U.S. crude-oil futures fell Tuesday amid declines in broader markets as worries re-emerged about the economic outlook following weak data on the manufacturing sector.
Light, sweet crude for October delivery settled $1.17, or 1.2%, lower at $95.30 a barrel on the New York Mercantile Exchange, after trading as high as $97.37 a barrel earlier in the session. Brent crude on the ICE futures exchange settled $1.60, or 1.4%, lower at $114.41 a barrel.
Prices tumbled from positive to negative territory early in the session as investors fled from a poor reading on the U.S. manufacturing sector.
The Institute for Supply Management's purchasing-managers' index slipped to 49.6 last month from 49.8 in July, the lowest reading since July 2009. A reading above 50 indicates expanding activity.
"The market responded according to the ISM data," said Rich Ilczyszyn, head of Chicago brokerage iiTrader. "I don't think we have any case here for $95 oil based on demand...I think the market is running out of gas right here."
Earlier Tuesday, oil futures neared their highest level in a week but failed to hold above the 200-day moving average at $96.65 a barrel, a key technical level. Analysts said crude still appears unable to break out of the recent trading range between roughly $94 and $98.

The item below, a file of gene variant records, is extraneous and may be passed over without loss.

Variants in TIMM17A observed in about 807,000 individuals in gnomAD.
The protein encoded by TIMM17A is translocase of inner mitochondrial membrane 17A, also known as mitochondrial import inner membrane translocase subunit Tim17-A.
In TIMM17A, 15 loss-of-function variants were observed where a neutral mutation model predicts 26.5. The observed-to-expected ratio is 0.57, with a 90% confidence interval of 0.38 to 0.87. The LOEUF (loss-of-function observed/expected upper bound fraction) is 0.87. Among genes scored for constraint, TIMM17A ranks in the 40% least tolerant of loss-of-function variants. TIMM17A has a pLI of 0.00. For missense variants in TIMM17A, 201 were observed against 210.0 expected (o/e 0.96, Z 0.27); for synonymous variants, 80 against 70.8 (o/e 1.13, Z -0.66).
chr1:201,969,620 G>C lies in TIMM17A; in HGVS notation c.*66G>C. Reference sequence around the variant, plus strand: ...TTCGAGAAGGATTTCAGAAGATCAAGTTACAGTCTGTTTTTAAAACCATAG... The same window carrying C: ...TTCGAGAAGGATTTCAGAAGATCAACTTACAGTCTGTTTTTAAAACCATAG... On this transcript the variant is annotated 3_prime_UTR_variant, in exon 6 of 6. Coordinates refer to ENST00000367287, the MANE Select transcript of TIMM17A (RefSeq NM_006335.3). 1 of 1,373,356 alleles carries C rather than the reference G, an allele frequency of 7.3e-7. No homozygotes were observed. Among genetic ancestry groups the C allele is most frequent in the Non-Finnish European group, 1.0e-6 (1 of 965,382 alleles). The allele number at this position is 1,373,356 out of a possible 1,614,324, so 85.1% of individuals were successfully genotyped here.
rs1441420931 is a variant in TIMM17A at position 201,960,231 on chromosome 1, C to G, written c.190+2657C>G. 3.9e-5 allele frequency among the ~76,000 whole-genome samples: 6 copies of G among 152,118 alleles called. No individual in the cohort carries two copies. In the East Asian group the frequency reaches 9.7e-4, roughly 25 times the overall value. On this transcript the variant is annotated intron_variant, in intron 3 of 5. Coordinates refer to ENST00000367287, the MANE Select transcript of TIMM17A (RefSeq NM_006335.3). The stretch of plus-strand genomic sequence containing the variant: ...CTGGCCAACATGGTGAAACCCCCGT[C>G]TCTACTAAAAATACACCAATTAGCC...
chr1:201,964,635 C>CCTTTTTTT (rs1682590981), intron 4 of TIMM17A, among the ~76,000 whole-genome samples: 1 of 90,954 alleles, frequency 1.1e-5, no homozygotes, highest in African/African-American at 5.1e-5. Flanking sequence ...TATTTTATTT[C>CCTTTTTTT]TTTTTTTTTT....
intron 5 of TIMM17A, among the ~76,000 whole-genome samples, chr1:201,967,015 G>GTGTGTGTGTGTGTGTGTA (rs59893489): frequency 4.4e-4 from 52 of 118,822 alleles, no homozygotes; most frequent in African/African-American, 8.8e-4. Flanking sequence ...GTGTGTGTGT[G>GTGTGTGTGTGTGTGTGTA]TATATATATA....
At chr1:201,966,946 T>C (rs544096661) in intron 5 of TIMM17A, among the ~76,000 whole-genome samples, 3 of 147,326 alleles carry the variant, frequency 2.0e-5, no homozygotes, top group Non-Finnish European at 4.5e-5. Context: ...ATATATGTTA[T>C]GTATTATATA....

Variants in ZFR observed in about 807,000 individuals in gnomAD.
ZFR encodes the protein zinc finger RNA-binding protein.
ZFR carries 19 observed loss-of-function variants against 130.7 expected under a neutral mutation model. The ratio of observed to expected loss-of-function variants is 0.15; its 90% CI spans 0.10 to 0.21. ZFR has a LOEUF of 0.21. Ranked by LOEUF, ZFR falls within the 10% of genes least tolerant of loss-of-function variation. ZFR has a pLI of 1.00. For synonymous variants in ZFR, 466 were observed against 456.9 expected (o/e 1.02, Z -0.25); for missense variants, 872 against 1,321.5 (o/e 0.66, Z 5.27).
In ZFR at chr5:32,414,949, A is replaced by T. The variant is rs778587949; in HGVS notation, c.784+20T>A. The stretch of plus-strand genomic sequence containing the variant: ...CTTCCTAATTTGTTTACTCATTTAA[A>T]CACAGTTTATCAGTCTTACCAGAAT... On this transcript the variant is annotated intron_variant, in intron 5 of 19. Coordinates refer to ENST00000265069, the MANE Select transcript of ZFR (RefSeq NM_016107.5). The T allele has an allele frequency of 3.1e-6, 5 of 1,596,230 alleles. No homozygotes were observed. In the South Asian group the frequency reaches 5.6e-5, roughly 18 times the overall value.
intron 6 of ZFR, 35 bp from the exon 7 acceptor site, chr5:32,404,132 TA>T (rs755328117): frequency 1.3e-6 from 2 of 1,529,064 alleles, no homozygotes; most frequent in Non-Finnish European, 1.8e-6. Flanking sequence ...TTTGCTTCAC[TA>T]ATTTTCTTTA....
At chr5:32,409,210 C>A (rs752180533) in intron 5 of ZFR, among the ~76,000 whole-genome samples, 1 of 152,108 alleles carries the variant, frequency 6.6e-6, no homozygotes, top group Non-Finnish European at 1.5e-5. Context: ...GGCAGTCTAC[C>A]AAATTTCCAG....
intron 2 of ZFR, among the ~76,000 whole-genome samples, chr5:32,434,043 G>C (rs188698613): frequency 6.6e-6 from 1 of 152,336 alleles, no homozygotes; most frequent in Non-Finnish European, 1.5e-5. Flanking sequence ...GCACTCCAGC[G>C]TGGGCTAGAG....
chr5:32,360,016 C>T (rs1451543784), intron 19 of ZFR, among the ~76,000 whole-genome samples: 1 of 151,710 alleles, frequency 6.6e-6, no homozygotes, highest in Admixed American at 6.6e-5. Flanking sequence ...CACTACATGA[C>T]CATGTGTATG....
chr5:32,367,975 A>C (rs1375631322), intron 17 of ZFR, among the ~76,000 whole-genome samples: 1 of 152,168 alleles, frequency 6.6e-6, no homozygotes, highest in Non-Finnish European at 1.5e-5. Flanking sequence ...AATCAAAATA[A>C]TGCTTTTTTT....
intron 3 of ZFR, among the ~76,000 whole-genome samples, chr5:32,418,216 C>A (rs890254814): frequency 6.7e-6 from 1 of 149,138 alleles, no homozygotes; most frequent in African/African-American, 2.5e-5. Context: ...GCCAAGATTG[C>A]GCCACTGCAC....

While U.S. fuel-product supplies have dropped in recent weeks compared with average levels, signs of weakness in the global economy, particularly in China, have tempered hopes about continued oil and fuel demand.
Still, traders, worried about increasing tension in the Middle East, are reluctant to bet on big declines. Rhetoric from Israel and Iran about Iran's nuclear program has grown more contentious in recent weeks.
And a report from The New York Times over the weekend said the U.S. is undertaking "a range of steps short of war," such as mine-sweeping exercises in the Gulf, in an effort to deter an Israeli attack on Iran's nuclear facilities.
Front-month October reformulated gasoline blendstock, or RBOB, settled 2.06 cents lower at $2.9522 a gallon. October heating oil fell 1.1% to $3.1468 a gallon.
Copyright (c) 2012 Dow Jones & Company, Inc.
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